EPIC v. DOJ: No Analysis of PRISM Legality

In a recently concluded Freedom of Information Act lawsuit, EPIC tried to obtain legal analysis concerning the controversial PRISM surveillance program. The Justice Department responded that "no responsive records" exist. An earlier FOIA case brought by EPIC revealed that the Office of Legal Counsel provided advice on the warrantless wiretapping program of President Bush. But apparently no similar memos exist on the legality of the mass collection of Internet traffic by the NSA. For more information, see EPIC v. DOJ (PRISM).

Court Upholds FTC Authority to Safeguard Data Privacy

A federal judge has ruled that the Federal Trade Commission has the power to enforce data security standards. In the case FTC v. Wyndham, the Commission alleged that criminals stole hundreds of thousands of credit card numbers from hotel guests because Wyndham Hotels maintained lax data security. Wyndham responded that the FTC could not bring an enforcement action against the company without first publishing regulations. Judge Esther Salas held that the FTC's authority to investigate "unfair or deceptive" business practices included data protection. FTC Chairwoman Edith Ramirez stated earlier, "Companies should take reasonable steps to secure sensitive consumer information. When they do not, it is not only appropriate, but critical, that the FTC take action on behalf of consumers." For more information, see EPIC: Federal Trade Commission, and EPIC: Big Data and the Future of Privacy.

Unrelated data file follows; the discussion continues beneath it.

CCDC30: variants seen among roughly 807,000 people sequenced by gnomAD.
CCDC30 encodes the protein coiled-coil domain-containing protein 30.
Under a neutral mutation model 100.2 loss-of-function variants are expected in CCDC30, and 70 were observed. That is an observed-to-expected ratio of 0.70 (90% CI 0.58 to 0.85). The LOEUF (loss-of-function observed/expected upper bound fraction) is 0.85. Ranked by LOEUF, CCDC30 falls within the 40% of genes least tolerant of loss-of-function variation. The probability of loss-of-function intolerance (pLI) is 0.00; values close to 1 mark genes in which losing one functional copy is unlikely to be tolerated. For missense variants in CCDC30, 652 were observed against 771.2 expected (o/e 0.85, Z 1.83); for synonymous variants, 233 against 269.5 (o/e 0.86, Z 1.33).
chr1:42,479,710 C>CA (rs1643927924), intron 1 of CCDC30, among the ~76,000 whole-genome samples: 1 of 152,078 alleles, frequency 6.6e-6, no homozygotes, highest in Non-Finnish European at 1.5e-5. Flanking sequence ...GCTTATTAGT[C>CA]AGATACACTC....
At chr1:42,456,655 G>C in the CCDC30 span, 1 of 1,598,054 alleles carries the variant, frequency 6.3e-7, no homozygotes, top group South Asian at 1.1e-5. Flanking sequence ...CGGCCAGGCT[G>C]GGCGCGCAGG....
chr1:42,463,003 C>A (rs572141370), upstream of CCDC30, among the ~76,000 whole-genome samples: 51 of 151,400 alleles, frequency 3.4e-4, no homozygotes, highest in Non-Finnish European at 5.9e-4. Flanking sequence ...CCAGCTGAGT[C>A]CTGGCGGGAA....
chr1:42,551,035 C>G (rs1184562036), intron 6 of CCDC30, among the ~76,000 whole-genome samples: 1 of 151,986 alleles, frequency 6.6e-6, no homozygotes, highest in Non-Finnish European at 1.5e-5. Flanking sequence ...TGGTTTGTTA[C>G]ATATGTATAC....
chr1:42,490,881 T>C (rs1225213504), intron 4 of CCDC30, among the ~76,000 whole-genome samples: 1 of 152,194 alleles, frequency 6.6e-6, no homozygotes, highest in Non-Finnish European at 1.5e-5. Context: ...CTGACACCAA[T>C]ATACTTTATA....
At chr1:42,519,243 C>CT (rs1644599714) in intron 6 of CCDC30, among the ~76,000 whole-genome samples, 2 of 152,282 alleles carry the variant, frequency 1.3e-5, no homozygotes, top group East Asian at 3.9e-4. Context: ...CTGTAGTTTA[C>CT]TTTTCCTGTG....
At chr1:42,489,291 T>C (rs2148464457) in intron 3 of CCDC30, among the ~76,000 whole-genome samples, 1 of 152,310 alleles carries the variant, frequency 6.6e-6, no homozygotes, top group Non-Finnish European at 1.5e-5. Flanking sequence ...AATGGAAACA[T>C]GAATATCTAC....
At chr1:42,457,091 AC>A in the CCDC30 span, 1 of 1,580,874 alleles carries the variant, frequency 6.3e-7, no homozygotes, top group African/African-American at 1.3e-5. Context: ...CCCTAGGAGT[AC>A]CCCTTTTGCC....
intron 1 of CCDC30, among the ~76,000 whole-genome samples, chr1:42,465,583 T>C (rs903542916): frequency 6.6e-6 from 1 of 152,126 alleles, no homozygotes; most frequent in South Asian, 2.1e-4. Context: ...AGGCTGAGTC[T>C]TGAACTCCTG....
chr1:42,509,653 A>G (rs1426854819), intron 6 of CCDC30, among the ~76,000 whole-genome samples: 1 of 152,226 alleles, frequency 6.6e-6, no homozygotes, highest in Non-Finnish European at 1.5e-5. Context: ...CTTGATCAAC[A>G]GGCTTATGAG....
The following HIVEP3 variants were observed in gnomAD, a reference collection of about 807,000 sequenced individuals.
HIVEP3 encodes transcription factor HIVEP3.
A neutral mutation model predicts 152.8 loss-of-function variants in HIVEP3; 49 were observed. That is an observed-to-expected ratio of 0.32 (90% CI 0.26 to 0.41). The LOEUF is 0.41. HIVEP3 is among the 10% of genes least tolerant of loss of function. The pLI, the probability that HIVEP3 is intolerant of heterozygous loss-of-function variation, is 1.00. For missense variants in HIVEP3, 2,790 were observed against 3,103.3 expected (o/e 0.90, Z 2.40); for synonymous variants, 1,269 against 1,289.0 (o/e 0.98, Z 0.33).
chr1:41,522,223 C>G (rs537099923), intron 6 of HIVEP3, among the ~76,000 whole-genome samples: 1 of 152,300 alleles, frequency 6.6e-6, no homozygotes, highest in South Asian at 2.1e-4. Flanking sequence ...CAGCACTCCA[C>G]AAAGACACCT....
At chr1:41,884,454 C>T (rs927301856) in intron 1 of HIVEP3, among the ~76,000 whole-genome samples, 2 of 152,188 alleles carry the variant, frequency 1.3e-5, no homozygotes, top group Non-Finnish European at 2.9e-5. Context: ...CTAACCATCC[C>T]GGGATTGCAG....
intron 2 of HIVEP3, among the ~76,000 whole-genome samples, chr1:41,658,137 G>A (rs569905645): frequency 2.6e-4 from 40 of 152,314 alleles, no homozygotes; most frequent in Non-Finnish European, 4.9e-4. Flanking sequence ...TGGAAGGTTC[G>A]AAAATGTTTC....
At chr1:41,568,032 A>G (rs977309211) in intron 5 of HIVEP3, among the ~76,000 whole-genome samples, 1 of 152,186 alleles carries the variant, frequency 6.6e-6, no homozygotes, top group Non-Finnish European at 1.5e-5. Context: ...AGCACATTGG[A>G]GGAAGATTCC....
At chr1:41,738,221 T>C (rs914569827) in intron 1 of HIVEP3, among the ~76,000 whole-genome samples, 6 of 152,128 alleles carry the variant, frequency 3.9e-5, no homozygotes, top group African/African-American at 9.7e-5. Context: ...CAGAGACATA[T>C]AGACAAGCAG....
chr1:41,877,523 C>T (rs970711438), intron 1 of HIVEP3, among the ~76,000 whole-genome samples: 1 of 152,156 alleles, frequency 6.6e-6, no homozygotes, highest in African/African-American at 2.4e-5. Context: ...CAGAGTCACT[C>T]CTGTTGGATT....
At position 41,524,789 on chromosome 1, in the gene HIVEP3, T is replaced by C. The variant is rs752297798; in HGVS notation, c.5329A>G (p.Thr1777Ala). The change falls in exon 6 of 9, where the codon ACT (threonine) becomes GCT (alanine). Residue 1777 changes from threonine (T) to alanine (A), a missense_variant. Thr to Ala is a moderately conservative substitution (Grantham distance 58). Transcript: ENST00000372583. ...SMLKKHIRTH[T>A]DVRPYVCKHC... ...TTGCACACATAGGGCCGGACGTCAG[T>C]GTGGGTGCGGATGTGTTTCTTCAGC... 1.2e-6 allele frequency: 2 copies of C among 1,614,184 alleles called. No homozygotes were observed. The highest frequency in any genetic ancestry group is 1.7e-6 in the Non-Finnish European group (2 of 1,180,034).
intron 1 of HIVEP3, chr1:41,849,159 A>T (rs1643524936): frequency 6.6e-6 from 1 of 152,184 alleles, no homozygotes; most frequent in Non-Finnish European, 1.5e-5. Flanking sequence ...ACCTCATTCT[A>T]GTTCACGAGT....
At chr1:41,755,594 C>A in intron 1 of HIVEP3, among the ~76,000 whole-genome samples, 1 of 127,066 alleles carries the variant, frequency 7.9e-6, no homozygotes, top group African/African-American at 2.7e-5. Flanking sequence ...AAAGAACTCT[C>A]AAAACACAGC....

Car Data Privacy Bill Moves Forward in Senate

The Senate Commerce Committee voted unanimously to approve the Driver Privacy Act, a bipartisan bill that would provide privacy safeguards for event data recorders or "black boxes." Introduced by Senators John Hoeven (R-ND) and Amy Klobuchar (D-MN), the bill prohibits unauthorized access to data that records the activities of drivers. Under the Act, data could only be obtained with: (1) written consent of all of the car owners or lessees; (2) a court or administrative order; (3) a federal transportation safety investigation if personally identifiable information is redacted; (4) emergency car crash medical response; or (5) traffic safety research if personally identifiable information is redacted. Last year EPIC, consumer privacy organizations, and members of the public, urged the National Highway Traffic Safety Administration to protect driver privacy by establishing many of the proposed safeguards in the Driver Privacy Act. For more information, see EPIC: Event Data Recorders and Privacy.